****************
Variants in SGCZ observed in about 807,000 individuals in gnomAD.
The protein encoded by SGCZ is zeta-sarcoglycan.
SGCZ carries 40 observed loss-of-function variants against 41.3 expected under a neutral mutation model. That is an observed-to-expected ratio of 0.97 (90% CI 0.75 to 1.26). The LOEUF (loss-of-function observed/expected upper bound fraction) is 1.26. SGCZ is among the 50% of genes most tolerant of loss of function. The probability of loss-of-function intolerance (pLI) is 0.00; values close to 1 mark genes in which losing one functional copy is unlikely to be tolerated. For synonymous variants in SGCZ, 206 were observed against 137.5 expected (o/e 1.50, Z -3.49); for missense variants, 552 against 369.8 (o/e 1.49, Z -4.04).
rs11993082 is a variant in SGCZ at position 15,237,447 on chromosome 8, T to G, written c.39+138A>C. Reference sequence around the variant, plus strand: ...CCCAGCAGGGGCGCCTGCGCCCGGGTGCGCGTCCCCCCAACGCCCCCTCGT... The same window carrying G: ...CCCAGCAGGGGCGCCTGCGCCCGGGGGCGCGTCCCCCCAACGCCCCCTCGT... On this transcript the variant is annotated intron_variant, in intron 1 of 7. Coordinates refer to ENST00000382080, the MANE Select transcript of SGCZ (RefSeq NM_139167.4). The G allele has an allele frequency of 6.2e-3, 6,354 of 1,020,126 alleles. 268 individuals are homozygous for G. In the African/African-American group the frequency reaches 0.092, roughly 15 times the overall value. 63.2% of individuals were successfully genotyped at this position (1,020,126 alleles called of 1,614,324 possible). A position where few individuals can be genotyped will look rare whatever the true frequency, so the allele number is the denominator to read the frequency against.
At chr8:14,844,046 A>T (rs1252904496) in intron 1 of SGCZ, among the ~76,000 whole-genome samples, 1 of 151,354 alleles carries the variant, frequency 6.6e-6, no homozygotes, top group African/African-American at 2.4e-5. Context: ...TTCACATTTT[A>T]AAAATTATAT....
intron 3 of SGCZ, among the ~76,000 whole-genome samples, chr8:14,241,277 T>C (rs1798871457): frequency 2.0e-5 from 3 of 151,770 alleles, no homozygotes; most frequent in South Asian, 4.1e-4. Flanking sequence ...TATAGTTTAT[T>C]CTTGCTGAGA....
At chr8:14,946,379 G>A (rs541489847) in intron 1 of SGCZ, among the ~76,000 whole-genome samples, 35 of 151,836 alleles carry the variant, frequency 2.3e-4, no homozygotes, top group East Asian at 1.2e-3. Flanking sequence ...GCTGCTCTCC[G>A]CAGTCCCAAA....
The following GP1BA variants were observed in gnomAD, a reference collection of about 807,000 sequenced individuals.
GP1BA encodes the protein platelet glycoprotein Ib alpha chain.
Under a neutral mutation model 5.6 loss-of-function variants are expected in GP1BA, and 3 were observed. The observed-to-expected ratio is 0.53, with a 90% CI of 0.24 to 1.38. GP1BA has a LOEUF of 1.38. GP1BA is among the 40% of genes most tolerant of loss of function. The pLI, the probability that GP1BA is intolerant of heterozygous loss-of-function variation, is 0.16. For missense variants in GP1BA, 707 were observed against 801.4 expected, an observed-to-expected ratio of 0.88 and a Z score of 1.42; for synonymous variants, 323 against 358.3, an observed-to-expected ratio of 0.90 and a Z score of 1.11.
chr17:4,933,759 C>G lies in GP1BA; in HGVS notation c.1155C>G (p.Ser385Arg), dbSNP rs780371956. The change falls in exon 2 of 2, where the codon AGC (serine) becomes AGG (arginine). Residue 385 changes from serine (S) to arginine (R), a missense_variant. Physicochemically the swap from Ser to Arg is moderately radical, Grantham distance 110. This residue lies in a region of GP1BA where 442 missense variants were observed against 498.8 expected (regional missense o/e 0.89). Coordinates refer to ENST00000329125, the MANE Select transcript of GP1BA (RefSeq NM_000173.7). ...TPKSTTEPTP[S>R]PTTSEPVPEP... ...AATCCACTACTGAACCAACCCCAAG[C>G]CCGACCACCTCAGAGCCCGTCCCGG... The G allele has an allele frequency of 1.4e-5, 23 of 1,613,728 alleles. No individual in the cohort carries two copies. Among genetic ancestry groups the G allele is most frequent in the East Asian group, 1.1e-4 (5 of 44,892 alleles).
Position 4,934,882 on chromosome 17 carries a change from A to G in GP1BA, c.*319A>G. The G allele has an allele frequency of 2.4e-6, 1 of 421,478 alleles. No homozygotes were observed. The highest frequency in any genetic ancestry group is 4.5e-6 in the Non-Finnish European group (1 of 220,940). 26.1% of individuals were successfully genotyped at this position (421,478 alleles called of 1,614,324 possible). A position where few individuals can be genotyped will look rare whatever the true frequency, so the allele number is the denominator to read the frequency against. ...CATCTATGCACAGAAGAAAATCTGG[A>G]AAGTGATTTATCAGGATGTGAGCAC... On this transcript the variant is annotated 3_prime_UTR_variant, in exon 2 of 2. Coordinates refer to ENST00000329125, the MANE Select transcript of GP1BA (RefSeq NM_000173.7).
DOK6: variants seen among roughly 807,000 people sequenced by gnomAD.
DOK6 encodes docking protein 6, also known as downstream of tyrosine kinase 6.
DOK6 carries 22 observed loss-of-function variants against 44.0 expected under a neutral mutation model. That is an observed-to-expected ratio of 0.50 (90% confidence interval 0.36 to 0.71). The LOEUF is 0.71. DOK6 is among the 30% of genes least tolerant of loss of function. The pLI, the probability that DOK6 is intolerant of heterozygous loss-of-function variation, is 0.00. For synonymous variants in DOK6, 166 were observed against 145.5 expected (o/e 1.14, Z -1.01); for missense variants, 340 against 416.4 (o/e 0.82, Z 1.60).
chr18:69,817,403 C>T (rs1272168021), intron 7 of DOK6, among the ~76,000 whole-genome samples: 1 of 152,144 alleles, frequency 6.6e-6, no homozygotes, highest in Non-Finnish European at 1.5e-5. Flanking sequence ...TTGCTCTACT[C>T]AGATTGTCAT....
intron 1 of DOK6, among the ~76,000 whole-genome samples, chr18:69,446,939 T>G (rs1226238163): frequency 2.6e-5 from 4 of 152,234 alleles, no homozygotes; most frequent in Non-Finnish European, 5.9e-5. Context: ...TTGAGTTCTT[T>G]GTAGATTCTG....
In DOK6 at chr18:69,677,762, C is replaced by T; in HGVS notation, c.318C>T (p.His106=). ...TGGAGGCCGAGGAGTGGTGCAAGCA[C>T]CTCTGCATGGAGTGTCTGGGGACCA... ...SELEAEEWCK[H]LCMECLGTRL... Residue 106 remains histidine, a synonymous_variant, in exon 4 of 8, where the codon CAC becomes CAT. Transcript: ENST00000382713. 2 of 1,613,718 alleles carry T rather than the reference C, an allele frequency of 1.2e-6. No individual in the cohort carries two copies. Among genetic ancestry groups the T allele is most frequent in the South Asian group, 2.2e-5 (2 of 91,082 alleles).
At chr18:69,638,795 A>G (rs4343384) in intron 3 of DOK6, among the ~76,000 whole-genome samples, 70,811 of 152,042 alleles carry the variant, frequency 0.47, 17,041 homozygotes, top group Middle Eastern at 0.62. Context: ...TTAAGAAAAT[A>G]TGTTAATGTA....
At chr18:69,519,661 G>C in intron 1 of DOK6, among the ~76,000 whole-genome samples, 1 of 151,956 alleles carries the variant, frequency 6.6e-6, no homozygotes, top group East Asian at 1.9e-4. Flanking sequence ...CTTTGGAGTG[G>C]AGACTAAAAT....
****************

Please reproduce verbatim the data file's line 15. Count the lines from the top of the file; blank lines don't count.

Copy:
DOK6 carries 22 observed loss-of-function variants against 44.0 expected under a neutral mutation model. That is an observed-to-expected ratio of 0.50 (90% confidence interval 0.36 to 0.71). The LOEUF is 0.71. DOK6 is among the 30% of genes least tolerant of loss of function. The pLI, the probability that DOK6 is intolerant of heterozygous loss-of-function variation, is 0.00. For synonymous variants in DOK6, 166 were observed against 145.5 expected (o/e 1.14, Z -1.01); for missense variants, 340 against 416.4 (o/e 0.82, Z 1.60).